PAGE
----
Treasury Secretary Stephen Mnuchin and the IRS blew through another deadline to turn over Trump's tax returns

In this April 2, 2019, photo, House Ways and Means Committee Chairman Richard Neal, D-Mass., arrives for a Democratic Caucus meeting at the Capitol in Washington. Neal, whose committee has jurisdiction over all tax issues, has formally requested President Donald Trump's tax returns from the Internal Revenue Service. (AP Photo/J. Scott Applewhite)In this April 2, 2019, photo, House Ways and Means Committee Chairman Richard Neal, D-Mass., arrives for a Democratic Caucus meeting at the Capitol in Washington. Neal, whose committee has jurisdiction over all tax issues, has formally requested President Donald Trump's tax returns from the Internal Revenue Service. (AP Photo/J. Scott Applewhite)Associated Press

  • Treasury Secretary Steven Mnuchin told Democrats on the House Ways & Means Committee that the IRS would not meet their second deadline to turn over six years of President Donald Trump's tax returns.
  • The White House has previously said Democrats will "never" obtain Trump's tax returns.
  • The request from Democrats is being made for the purpose of examining the IRS' audit process of presidents.
  • Visit BusinessInsider.com for more stories

WASHINGTON - The Treasury Department once again rejected requests from Democrats on the House Ways & Means Committee for the Internal Revenue Service to provide the committee with six years of President Donald Trump's tax returns on Tuesday, ramping up the ongoing fight over the president's personal finances.

Trump has repeatedly refused to release his tax returns, either voluntarily or under official request from Congress. The latest refusal by the Treasury, of which the IRS is part, signals the fight is far from over.

Treasury Secretary Steven Mnuchin sent a letter to Ways & Means Chairman Richard Neal to inform the chairman that the tax returns would not be turned over by the Democrats' Thursday deadline.

Mnuchin instead said the Treasury Department was checking with the Justice Department to determine whether the request to hand over Trump's tax returns was legal.

"Due to the serious constitutional questions raised by this request and the serious consequences that a resolution of those questions could have for taxpayer privacy, the Department is consulting with the Department of Justice," Mnuchin said. "Although federal law establishes no deadline for a response to your request, we expect to provide the Committee with a final decision by May 6, after receiving the Justice Department's legal conclusions."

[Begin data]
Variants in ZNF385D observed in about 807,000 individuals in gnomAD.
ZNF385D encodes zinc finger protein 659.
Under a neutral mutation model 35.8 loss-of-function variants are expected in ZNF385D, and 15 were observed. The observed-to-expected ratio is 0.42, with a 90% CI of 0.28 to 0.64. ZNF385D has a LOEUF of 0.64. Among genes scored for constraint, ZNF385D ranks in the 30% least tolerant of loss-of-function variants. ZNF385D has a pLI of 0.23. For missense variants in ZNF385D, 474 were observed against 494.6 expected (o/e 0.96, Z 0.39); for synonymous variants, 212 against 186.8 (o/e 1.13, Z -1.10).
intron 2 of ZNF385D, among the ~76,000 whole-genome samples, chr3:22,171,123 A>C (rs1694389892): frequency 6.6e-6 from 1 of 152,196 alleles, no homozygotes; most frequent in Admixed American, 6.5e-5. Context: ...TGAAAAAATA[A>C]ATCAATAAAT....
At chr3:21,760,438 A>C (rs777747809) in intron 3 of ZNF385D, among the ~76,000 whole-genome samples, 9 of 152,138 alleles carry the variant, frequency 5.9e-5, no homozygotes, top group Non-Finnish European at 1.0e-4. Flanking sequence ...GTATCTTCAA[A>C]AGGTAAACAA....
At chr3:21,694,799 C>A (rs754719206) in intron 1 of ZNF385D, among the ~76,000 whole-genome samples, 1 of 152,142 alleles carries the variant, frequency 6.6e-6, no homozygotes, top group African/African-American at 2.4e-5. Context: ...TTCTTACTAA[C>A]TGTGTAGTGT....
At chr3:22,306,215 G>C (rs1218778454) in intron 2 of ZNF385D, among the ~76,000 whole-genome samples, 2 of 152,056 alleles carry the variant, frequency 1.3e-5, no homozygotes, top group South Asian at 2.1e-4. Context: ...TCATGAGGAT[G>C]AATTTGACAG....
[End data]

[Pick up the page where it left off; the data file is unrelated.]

Read more: Democrats will be able to make Trump's tax returns public when they take back Congress. Here's how.

The final decision came after White House spokesman Hogan Gidley said Tuesday morning they would not be complying with the request.

"The president is pretty clear once he's out of audit he'll think about doing it but he is not inclined to do so at this time," he said during an appearance on Fox News. "No one cares about ridiculous charges about tax returns and all types of other things that Democrats are doubling down on today."

Gidley's comments do not square with the Democrats' rationale for making the request, which is to provide oversight of the auditing process for presidents.

Democrats on the Ways & Means Committee had previously asked IRS Commissioner Charles Rettig to provide the returns by April 10. But when that date rolled around, Trump said he would not be releasing his returns and that the American public does not care about them. The committee then requested them again, setting a deadline of April 23.

Meanwhile, Republicans have been fighting the Democrats' request tooth and nail. GOP lawmakers have urged Democrats on the Ways & Means Committee to drop the request, citing privacy issues. This is despite the fact that Republicans on the same committee revealed private tax information of US citizens during their own probes in 2014.

Read more: Tax returns show many 2020 Democrats have one financial habit in common

Still, Democrats are not at all likely to drop their fight to dig into Trump's personal finances. During a February hearing with the Ways & Means' subcommittee on oversight, Republicans and Democrats feuded over the legality of taking Trump's taxes for scrutiny.

"We're not interested in getting someone. We're interested in following the law. Period," said Democratic Rep. Bill Pascrell of New Jersey. "Give us the chance to do that. What am I saying? Give us a chance to follow the law, and we will not stop."

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